Modeling Developments to the Pulse Physiology Engine at IMSH

We have reached the halfway point of the International Meeting on Simulation in Healthcare (IMSH) exposition. Here, we are at booth 611, sharing the latest developments to the Pulse Physiology Engine.

The Pulse Physiology Engine is a software platform for performing patient-specific modeling and prototyping applications using physiologic models. It pairs with the Pulse Physiology Explorer to create a powerful visualization tool. The latest developments of the software platform have expanded the functionality of the Pulse Physiology Explorer, improved the usability of the Pulse Physiology Engine and fostered communication with users.

Pulse Physiology Explorer

With the Pulse Physiology Explorer, users can treat patients with needle decompression, fluid resuscitation and pain management. A walkthrough is shown in the below.

 

Not only does the explorer now contain a vital sign monitor, but it enables users to view additional data outputs such as blood volume, left and right lung volume, plasma concentration and tidal volume, providing context to medical simulations.

Engine Usability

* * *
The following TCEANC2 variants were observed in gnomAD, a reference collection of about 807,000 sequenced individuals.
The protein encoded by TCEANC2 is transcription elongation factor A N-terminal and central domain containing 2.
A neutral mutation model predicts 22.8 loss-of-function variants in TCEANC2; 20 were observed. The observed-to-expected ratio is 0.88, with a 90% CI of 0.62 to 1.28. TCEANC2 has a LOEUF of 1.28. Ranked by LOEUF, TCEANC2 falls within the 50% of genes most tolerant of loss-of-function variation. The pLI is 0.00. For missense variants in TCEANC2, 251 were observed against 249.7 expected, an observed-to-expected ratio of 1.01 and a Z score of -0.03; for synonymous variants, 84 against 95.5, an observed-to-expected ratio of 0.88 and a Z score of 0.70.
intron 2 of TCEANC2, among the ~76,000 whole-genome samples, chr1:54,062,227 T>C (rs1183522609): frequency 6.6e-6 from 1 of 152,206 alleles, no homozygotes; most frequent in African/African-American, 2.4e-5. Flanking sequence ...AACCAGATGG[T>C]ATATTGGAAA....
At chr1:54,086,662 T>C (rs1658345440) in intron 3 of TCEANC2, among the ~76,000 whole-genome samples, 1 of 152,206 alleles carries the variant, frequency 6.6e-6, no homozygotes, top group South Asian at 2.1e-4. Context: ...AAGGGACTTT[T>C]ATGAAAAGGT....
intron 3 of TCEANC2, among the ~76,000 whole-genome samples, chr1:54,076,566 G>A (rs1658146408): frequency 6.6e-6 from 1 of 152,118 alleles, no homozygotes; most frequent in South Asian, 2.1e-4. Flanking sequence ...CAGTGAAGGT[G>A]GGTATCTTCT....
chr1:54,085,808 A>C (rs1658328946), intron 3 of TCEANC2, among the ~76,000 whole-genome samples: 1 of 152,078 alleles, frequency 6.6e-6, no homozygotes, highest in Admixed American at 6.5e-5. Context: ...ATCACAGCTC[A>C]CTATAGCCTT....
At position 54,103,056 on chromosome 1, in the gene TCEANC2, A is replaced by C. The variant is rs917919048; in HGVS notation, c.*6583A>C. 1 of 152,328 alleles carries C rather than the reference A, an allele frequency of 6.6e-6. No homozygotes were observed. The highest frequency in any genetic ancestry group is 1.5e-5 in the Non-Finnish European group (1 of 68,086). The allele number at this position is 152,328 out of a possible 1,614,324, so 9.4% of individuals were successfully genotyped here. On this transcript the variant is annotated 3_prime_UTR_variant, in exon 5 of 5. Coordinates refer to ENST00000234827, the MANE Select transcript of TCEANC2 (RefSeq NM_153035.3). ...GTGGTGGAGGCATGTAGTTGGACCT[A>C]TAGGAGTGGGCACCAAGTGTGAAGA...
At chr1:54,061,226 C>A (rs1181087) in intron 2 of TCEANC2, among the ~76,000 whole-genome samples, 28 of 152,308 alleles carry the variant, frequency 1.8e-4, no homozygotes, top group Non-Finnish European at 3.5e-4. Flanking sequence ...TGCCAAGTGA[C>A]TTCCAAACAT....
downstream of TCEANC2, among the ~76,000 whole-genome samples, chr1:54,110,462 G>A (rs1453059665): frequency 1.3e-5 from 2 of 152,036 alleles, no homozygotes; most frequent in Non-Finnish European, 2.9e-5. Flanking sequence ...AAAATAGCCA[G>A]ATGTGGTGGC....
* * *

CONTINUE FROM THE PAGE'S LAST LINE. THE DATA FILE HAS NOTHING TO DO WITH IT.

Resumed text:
The Software Development Kit (SDK) for the Pulse Physiology Engine is a collection of libraries and files that users need to integrate the engine into their applications. Over the past few months, we added examples and language support to the SDK. We provided a Common Language Runtime (CLR) interface, for example, which allows users to easily integrate the Pulse Physiology Engine into .NET-based applications such as C#.

Community Outreach

We set up several sites for users to learn more about the Pulse Physiology Engine and interact with the development team. On the Wiki, we post articles to assist users in building, running and integrating the engine with their applications, and on the Discourse forum, we engage in open discussions.

We plan to further develop the Pulse Physiology Engine and the explorer to help users more easily build training applications and clinical applications. To learn more about our efforts, please contact kitware@kitware.com. Alternatively, you can stop by booth 611 at IMSH to see demos of the software platform and tell us about your medical education, research or training. Together, we can improve virtual training and medical simulation.

Questions or comments are always welcome!

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